Their devotion could be attributed to any one of a number of reasons. Perhaps they were fans of the virtuoso shred guitarist from his days touring with Cacophony – perhaps they saw Jason and a pre-Megadeth Marty Friedman jamming and fell under their spell. Maybe they read the cover stories that screamed from the metal mags when, in 1989, Jason was made lead guitarist of David Lee Roth’s new band. He was 19-years-old at the time.
Or are they fans of the haunting music he is composing and producing now – 22 years after Amyotrophic Lateral Sclerosis (ALS) devastated his career, paralysed and sentenced him to die within five short years?
That could be the reason. But they are just as likely to love him because Jason Becker simply rocks. You can read our thoughts on the film here and our interview with Jesse Vile here but first let’s hear from the man himself!.
HeyUGuys: I wanted to thank you for agreeing to speak with us and to tell you how much I enjoyed Jason Becker: Not Dead Yet. The film really resonated with me and I’ve found myself speaking of it often since I saw it last week. I hope it will do beautifully when it opens here later this month.
Jason: Thank you so much, Emily. That means a lot to me.
With the release of Jason Becker: Not Dead Yet you have added rockumentary star to the list of your rock ‘n’ roll credentials. What are the films that inspire and move you?
Ha ha! Cool. Amadeus and The Last Waltz really inspired me musically. Also Bob Dylan: Don’t Look Back, and the Sergio Leone spaghetti westerns. I absolutely loved Jaws. I saw it when I was six years old. I’m a kid when it comes to movies. I love Indiana Jones, Alien, King Kong, Kundun, Star Wars, the 40 Year Old Virgin, School of Rock and Dogma. I should be more of a film aficionado because my grandfather, Wayne Heffley, was a professional actor. He was in movies like Testament, Orca, and the lousy version of King Kong, and in TV shows like The Twilight Zone, Perry Mason, Roots, Little House on the Prairie, Days of Our Lives, and tons of other shows. He was the coolest dude and grandfather.
We see onscreen the effect you and your music continue to have on new generations of fans and musicians. What does making music mean to you?
Yeah, I am always happy to hear that I have inspired so many musicians, from young kids to well-known musicians. To know I have had an effect on the music today means a lot to me. Making music was natural for me. It was like a stimulating drug. Music is a universal language, and it is how I best express myself. It is a magical thing, really. I am grateful to be able to move people with it. It is a nice passion to have.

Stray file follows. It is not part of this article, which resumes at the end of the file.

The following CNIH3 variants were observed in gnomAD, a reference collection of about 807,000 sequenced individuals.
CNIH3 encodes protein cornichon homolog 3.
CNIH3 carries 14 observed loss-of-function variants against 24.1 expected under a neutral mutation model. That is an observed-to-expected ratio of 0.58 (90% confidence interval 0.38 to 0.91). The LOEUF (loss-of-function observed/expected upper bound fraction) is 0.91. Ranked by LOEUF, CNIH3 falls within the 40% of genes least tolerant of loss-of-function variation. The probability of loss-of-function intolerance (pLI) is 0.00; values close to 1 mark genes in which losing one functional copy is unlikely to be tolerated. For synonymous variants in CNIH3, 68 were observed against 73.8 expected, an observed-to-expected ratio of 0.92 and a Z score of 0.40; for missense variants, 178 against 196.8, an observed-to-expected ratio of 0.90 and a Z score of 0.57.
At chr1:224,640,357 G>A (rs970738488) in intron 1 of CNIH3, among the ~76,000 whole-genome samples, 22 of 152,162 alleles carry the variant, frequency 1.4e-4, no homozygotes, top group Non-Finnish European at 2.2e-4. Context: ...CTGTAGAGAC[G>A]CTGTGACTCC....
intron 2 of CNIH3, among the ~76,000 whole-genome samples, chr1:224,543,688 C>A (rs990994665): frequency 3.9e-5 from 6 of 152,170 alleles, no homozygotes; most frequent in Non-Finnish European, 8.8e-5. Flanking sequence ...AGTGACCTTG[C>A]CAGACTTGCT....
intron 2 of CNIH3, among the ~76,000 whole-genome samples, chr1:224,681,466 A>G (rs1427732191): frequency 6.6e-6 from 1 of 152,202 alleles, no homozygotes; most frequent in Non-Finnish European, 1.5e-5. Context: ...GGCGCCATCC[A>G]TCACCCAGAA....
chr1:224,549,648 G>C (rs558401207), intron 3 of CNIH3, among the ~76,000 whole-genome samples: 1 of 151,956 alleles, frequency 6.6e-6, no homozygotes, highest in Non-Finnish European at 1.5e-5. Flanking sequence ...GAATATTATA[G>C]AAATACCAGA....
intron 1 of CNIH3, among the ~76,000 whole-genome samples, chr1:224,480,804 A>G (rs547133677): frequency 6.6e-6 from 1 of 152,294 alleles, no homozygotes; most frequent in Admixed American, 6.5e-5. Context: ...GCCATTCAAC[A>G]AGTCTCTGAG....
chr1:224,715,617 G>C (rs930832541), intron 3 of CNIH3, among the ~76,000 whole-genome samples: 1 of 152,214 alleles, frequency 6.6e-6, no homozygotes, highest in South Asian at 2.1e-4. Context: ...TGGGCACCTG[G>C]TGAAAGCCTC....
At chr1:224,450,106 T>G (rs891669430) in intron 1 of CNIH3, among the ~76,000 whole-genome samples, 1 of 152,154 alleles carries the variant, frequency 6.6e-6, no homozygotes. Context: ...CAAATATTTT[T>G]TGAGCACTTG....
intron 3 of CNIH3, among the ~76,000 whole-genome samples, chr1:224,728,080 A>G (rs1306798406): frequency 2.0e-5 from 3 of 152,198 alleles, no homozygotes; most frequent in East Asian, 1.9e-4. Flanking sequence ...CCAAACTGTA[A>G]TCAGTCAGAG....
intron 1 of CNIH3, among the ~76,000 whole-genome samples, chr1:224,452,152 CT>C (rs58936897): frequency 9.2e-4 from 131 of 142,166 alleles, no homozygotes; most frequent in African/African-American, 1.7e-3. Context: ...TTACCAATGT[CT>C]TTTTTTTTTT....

Your dry humour and the quick-witted banter you and your family share made for some true laugh-out-loud moments. Short of having Seth MacFarlane narrating your thoughts, did we see a faithful portrayal of your life? Did you recognize the Jason Becker you saw onscreen?
Ahh, cool! I am so glad you thought that. You totally saw the real me. That was one worry I had. It can be difficult to have someone’s personality come through in a movie, but Jesse nailed it. I had a hard time before when folks were working on a script about my life because it is tough to portray someone accurately in a film and no one was getting it quite right. Of course, it is impossible to fit a whole life into 90 minutes, but Jesse is amazing and did a wonderful job.
The magic and power of the film, for me, lies in its intimacy and the remarkable access you granted to Jesse and the audience. Why did you decide to allow him so close? Why was it important to you all that your story be told?
Yes, I agree. When Jesse first asked me if he could do a documentary, I said no. He was persistent and made a trailer from just things from the Internet. I was totally blown away. We talked more and my mom and I fell in love with him. We knew he was a good person and was a pro. The whole crew was awesome, too. So, it was easy to be open, honest and comfortable. When my family, friends and I trust and love someone, we totally open our hearts. It was important for our story to be told well and truthfully. It is a good and inspiring story and we hoped others might be helped by it. I also would like my music to reach more people.
Jason Becker: Not Dead Yet opened in the UK on Friday 16th November
The DVD is available to buy now